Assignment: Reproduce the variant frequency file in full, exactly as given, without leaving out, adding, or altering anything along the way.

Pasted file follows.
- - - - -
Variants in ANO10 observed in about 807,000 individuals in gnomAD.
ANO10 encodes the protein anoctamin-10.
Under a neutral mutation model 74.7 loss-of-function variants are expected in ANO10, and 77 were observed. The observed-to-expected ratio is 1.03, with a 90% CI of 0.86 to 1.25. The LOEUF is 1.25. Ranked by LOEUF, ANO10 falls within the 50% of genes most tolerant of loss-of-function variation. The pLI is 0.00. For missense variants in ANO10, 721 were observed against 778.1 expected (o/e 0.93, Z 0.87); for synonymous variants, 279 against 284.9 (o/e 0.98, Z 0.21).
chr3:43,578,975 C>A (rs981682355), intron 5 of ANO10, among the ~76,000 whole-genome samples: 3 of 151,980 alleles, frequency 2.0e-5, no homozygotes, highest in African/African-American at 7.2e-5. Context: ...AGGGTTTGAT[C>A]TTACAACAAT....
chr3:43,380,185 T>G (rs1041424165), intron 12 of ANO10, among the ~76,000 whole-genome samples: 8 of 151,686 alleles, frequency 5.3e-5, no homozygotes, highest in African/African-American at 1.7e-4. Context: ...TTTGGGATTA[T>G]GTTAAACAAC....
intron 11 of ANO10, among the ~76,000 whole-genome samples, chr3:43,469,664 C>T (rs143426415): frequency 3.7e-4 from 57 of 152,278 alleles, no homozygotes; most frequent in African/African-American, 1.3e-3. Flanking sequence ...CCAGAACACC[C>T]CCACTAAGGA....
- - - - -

Variants in ANO10 observed in about 807,000 individuals in gnomAD.
ANO10 encodes the protein anoctamin-10.
Under a neutral mutation model 74.7 loss-of-function variants are expected in ANO10, and 77 were observed. The observed-to-expected ratio is 1.03, with a 90% CI of 0.86 to 1.25. The LOEUF is 1.25. Ranked by LOEUF, ANO10 falls within the 50% of genes most tolerant of loss-of-function variation. The pLI is 0.00. For missense variants in ANO10, 721 were observed against 778.1 expected (o/e 0.93, Z 0.87); for synonymous variants, 279 against 284.9 (o/e 0.98, Z 0.21).
chr3:43,578,975 C>A (rs981682355), intron 5 of ANO10, among the ~76,000 whole-genome samples: 3 of 151,980 alleles, frequency 2.0e-5, no homozygotes, highest in African/African-American at 7.2e-5. Context: ...AGGGTTTGAT[C>A]TTACAACAAT....
chr3:43,380,185 T>G (rs1041424165), intron 12 of ANO10, among the ~76,000 whole-genome samples: 8 of 151,686 alleles, frequency 5.3e-5, no homozygotes, highest in African/African-American at 1.7e-4. Context: ...TTTGGGATTA[T>G]GTTAAACAAC....
intron 11 of ANO10, among the ~76,000 whole-genome samples, chr3:43,469,664 C>T (rs143426415): frequency 3.7e-4 from 57 of 152,278 alleles, no homozygotes; most frequent in African/African-American, 1.3e-3. Flanking sequence ...CCAGAACACC[C>T]CCACTAAGGA....